Instructor in Focus – Robert Carruthers

Robert Carruthers

Robert Carruthers

Professional Instructor Level 2, Movementality, Richmond VIC

Instructor Name: Robert Carruthers
Studio(s) you work at: Movementality
Location: Richmond VIC
Instructor training: TenPilates (Dynamic Reformer Pilates, London), APPI, Diploma (Tensegrity)
PAA Level: Professional Instructor Level 2

What originally motivated you to try Pilates and then go on to train as an instructor?

Honestly, I needed a job. Having finished up a Sport Science degree in NZ, I traveled for a few months before winding up in London. I wanted to use my sport science degree to work with athletes/sports teams, but they all required a full time, unpaid internship, whereas I needed an income. I’d never done Pilates before, but TenPilates (London’s equivalent of KX) paid me while I trained, and then I stayed on for two years and managed several studios. It wasn’t rehab-focused enough though, so I retrained with APPI and ended up working in their clinics as well as the contract they have with Brentford FC. The more clinical side of things appealed to the injury-rehab mind I had, having had various spine and shoulder injuries since a teenager. That’s also when I started playing with Functional neurology, and then built it out from there.

What did you eat for breakfast?

Bone broth – we make our own, and it’s a staple every morning to get me through the teaching.

In one word, describe your first Pilates experience?

Experiential

What impact has the recent COVID-19 virus had on your world?

We had to move our entire business online within a few days, including myself, Ash and six subcontractors. Majority of the staff, including myself, are not citizens so we were very worried about the financial fall out, and therefore hauled-ass to make sure we had maximum client buy in. As a result, all the staff maintained their work and the business sustained until we could reopen. We also launched our online education platform, to bring cheap PD to the masses. It’s not as in depth as a full training course, but the goal is to inspire ideas rather than providing the exact ‘how-to”. Snap-lock downs aside, we’re rebuilding and am hopeful for the future again.

How have you handled your Pilates teaching with COVID-19, any advice to other teachers?

Online? Hated it. It’s not my style, but I made sure everyone worked hard in their sessions to ensure there was minimal loss of conditioning. We delivered mainly 1:3 sessions, so just treated it the same as we do in the studio, but with a lot more brain power since there wasn’t the equipment to help do the work for you. But some of our teaches treated them more like mini-classes, provided modifications specific to the client but otherwise everyone would follow a similar line of exercises, and most clients loved it.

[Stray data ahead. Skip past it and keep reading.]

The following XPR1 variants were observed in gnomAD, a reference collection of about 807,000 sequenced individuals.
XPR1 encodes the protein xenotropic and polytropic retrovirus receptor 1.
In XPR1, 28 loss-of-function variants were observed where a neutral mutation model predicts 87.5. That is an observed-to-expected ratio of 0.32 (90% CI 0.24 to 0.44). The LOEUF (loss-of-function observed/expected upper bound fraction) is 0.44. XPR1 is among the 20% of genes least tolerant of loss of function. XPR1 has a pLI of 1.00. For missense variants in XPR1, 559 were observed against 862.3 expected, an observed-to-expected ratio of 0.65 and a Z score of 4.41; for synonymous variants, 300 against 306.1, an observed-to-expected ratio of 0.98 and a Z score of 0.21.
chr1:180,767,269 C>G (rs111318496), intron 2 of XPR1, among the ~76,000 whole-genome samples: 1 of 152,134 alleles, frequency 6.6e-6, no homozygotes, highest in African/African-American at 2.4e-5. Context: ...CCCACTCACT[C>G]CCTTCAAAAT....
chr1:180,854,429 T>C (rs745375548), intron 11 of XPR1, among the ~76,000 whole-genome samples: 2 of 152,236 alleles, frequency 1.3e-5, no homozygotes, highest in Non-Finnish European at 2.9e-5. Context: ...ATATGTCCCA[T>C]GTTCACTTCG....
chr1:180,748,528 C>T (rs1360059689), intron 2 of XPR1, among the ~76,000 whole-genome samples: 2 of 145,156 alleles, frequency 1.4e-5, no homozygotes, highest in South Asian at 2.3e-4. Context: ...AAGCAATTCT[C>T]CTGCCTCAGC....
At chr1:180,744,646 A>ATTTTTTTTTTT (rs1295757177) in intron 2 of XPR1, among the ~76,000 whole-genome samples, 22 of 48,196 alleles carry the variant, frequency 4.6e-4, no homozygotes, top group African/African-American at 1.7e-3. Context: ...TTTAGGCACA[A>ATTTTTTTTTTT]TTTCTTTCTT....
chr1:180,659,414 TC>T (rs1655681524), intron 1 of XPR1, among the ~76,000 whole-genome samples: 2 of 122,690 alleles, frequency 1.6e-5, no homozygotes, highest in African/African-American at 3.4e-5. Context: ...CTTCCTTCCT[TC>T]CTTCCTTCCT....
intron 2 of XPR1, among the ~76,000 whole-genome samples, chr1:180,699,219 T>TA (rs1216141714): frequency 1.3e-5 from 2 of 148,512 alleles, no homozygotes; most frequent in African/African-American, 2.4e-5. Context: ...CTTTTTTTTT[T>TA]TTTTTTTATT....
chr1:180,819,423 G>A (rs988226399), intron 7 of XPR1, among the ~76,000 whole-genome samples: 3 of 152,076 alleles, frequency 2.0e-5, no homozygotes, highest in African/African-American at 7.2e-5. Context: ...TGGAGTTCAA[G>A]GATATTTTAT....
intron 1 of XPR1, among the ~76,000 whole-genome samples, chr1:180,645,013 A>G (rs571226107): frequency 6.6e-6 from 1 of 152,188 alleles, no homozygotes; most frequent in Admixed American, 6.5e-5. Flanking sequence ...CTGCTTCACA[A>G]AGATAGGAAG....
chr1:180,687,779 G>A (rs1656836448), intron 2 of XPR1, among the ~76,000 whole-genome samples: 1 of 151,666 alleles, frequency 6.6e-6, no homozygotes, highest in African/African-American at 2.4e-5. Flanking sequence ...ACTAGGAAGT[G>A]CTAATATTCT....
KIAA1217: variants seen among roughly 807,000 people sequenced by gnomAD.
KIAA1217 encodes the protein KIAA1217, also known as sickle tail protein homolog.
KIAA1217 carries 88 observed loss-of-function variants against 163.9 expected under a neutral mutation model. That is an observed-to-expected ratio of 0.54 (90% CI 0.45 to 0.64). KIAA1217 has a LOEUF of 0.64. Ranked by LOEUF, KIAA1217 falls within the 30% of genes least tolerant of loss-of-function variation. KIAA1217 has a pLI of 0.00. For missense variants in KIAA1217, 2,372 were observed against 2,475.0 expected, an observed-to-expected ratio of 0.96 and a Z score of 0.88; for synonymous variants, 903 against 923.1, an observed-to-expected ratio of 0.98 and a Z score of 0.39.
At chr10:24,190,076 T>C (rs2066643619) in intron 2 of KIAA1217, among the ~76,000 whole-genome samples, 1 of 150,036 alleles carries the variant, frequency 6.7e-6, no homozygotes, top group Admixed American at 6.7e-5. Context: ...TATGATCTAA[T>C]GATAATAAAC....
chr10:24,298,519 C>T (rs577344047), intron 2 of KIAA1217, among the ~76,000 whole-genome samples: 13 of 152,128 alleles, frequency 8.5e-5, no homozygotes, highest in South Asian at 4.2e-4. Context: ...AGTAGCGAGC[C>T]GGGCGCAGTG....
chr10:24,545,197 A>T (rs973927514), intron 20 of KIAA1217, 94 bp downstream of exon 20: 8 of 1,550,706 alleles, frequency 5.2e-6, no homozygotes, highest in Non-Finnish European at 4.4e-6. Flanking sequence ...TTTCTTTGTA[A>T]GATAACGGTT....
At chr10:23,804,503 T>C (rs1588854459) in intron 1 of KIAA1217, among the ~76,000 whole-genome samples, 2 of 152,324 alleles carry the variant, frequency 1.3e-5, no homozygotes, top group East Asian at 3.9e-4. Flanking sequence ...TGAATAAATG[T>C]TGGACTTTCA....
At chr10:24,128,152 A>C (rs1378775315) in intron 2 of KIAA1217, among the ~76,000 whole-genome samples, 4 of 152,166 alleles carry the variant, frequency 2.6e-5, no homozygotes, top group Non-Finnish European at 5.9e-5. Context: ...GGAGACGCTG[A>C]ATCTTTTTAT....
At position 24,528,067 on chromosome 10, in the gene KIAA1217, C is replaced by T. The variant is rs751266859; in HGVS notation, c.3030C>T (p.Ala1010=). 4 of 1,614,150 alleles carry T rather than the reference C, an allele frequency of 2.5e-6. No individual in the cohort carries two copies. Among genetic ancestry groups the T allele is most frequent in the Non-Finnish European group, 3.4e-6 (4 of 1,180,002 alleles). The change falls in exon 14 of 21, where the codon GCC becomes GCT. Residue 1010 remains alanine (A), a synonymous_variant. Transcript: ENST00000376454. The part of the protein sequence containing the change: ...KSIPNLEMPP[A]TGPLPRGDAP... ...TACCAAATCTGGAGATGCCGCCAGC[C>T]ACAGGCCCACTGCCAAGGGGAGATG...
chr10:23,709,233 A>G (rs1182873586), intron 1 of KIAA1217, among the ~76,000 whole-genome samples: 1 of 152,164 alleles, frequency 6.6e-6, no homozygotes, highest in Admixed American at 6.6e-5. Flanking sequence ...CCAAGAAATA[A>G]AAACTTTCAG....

The other big thing to monitor with clients moving between online and the studio is ensuring you still give them a really solid strengthening work out. We found a lot of our clients became stronger because they didn’t have the equipment to support them, which meant we could do way more with them back in the studio – so don’t assume they have gone backwards in strength just because they haven’t been in the studio!

What’s the best thing about your job?

Personally, I love giving people foot cramps.

Your ‘go to’ website for all things Pilates (other than PAA)?

I don’t have a website but I have a few people I’ll talk to – Bruce Hildebrand has been a big help over the years, but also Miriam Jones more recently. And then I’ll just do some research on specific topic’s but I don’t have a specific website I go to.

The best advice you’ve ever had?

Check the ego. The world keeps spinning regardless of what you do. Sounds a bit rough but it helped me realize that I can only control me, so I do that, and then just make sure those I interact with have a good experience where I can, and to not lose any sleep over other peoples experience of you. Incredibly important as a business owner!!

An indulgence you can’t live without?

Not in the traditional sense, but I need to make sure I get some time in nature every day or I start to get a bit grumpy.

How long have you been a member of PAA and how did you hear about PAA?

About 2 years. I became aware of the PAA and APMA when I first moved to Australia, thinking it was a requirement to get a job in a clinic/studio here.

Do you have a motto?

Nope

What’s the most challenging aspect of your job?

As a practitioner, helping clients negotiate their current situation against where they want to be, whether that be pain reduction or more specific goals. As a business owner, navigating the the endless instability of running a small business with staff, lock downs, where to find clients etc, etc…!

How do you use PAA?

Provides a framework to find resources and set a standard within the industry for us to measure our performance against.

Who is your Pilates idol or would love to meet, and why?

I’ve always been intrigued by Rael of Basi – maybe it was just the book at reception at my first job, but I’m really intrigued by their progressions on the equipment and trying to understand the why’s behind their logic. I have a funny feeling it would line up quite well with how I think of things.

What do you appreciate most about your body?

It’s self-healing capability – give it what it needs, and let it do it’s thing.

The book you’re currently reading?

Currently nothing, but just finished Bruce Lipton’s Wisdom of our Cells. Highly recommend!

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